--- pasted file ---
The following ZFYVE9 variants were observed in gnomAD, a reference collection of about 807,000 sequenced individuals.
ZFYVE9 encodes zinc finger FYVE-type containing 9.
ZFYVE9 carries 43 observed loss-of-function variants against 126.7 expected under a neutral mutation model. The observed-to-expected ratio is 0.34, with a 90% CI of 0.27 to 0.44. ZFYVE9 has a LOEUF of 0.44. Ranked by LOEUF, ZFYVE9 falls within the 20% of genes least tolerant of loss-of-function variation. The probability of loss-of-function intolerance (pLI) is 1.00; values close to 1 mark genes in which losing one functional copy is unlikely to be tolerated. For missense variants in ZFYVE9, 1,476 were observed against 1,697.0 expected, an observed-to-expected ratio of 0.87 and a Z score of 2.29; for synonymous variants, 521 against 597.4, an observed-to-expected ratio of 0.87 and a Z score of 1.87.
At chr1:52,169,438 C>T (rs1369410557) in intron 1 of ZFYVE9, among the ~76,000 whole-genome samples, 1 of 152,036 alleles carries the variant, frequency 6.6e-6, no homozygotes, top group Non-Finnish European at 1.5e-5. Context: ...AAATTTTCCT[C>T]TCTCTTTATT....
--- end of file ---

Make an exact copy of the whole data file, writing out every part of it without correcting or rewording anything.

The following ZFYVE9 variants were observed in gnomAD, a reference collection of about 807,000 sequenced individuals.
ZFYVE9 encodes zinc finger FYVE-type containing 9.
ZFYVE9 carries 43 observed loss-of-function variants against 126.7 expected under a neutral mutation model. The observed-to-expected ratio is 0.34, with a 90% CI of 0.27 to 0.44. ZFYVE9 has a LOEUF of 0.44. Ranked by LOEUF, ZFYVE9 falls within the 20% of genes least tolerant of loss-of-function variation. The probability of loss-of-function intolerance (pLI) is 1.00; values close to 1 mark genes in which losing one functional copy is unlikely to be tolerated. For missense variants in ZFYVE9, 1,476 were observed against 1,697.0 expected, an observed-to-expected ratio of 0.87 and a Z score of 2.29; for synonymous variants, 521 against 597.4, an observed-to-expected ratio of 0.87 and a Z score of 1.87.
At chr1:52,169,438 C>T (rs1369410557) in intron 1 of ZFYVE9, among the ~76,000 whole-genome samples, 1 of 152,036 alleles carries the variant, frequency 6.6e-6, no homozygotes, top group Non-Finnish European at 1.5e-5. Context: ...AAATTTTCCT[C>T]TCTCTTTATT....